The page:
Sigma complete their Classic cine lens line-up with the FF 65mm T2.5
Most of us are familiar with the name Sigma. Their photographic and video line lenses have become synonymous with affordable yet high-quality optics. But you may be less familiar with their Classic Prime line of lenses. DIYP talk to Sigma’s Jan-Willem Verschuuren to find out more.
In fact, Sigma has just launched the FF 65mm T2.5 cinema lens as part of the Classic Art Prime line lens range and the FF 65mm T1.5 Classic Prime Line. Jan-Willem explains that there has been a lot of demand for the 65mm lens because there was a large gap between the 50mm and the 85mm that were available previously. Finally, the set is complete.
The Classic ‘Art’ Prime Line is subtly different from the ‘Classic’ lineup of Sigma cine lenses. The main difference is in the lens coating. A special coating is implemented on the front and rear elements so that the lens’ durability is ensured. It offers a unique combination of low contrast and artistic flare/ghost in the image.
Generally speaking, the ‘Art’ line will create a slightly warmer image than the ‘Classic’. In other words, you can choose between a clean corporate look and a more nostalgic look.
The Art lenses are T2.5 whereas the Classic lenses are T1.5. The lenses are identical optically, it’s just the coating on the Art series that changes the amount of light that is getting through. It’s a curious difference, however, you still achieve the same depth of field with both lenses.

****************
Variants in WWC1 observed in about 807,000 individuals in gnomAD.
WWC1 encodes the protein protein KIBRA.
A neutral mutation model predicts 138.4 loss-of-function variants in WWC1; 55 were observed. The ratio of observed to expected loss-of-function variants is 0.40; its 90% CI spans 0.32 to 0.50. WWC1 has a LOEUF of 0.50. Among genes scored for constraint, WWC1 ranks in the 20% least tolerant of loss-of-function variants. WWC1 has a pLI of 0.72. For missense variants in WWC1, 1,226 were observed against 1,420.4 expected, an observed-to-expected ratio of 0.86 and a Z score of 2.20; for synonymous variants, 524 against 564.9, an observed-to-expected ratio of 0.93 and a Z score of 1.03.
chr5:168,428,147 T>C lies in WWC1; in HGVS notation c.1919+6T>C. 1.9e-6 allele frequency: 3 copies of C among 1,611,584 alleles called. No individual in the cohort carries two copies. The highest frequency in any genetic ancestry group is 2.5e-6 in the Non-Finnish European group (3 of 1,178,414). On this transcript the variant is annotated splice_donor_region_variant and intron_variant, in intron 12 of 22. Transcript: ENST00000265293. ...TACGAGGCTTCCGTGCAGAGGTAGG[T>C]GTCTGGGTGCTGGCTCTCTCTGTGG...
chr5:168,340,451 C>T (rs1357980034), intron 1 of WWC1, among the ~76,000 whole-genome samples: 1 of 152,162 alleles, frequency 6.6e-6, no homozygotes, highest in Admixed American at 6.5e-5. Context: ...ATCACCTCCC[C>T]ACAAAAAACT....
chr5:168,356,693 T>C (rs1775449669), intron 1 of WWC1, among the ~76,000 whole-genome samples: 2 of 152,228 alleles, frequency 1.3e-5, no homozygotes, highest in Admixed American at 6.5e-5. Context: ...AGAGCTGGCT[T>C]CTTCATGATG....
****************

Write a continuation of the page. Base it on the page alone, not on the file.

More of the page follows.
Additionally, you can now purchase the lenses separately rather than having to stump up 40-odd grand for the whole set, something that made you limited to renting them previously. That surely then is great news, particularly for those people who want to add the 65mm to their existing line-up and don’t want to buy all of them.
The new FF 65mm lens is expected in February 2023 and will cost around the $4,500 mark, although the actual price hasn’t been fully confirmed yet.
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Alex Baker is a portrait and lifestyle driven photographer based in Valencia, Spain. She works on a range of projects from commercial to fine art and has had work featured in publications such as The Daily Mail, Conde Nast Traveller and El Mundo, and has exhibited work across Europe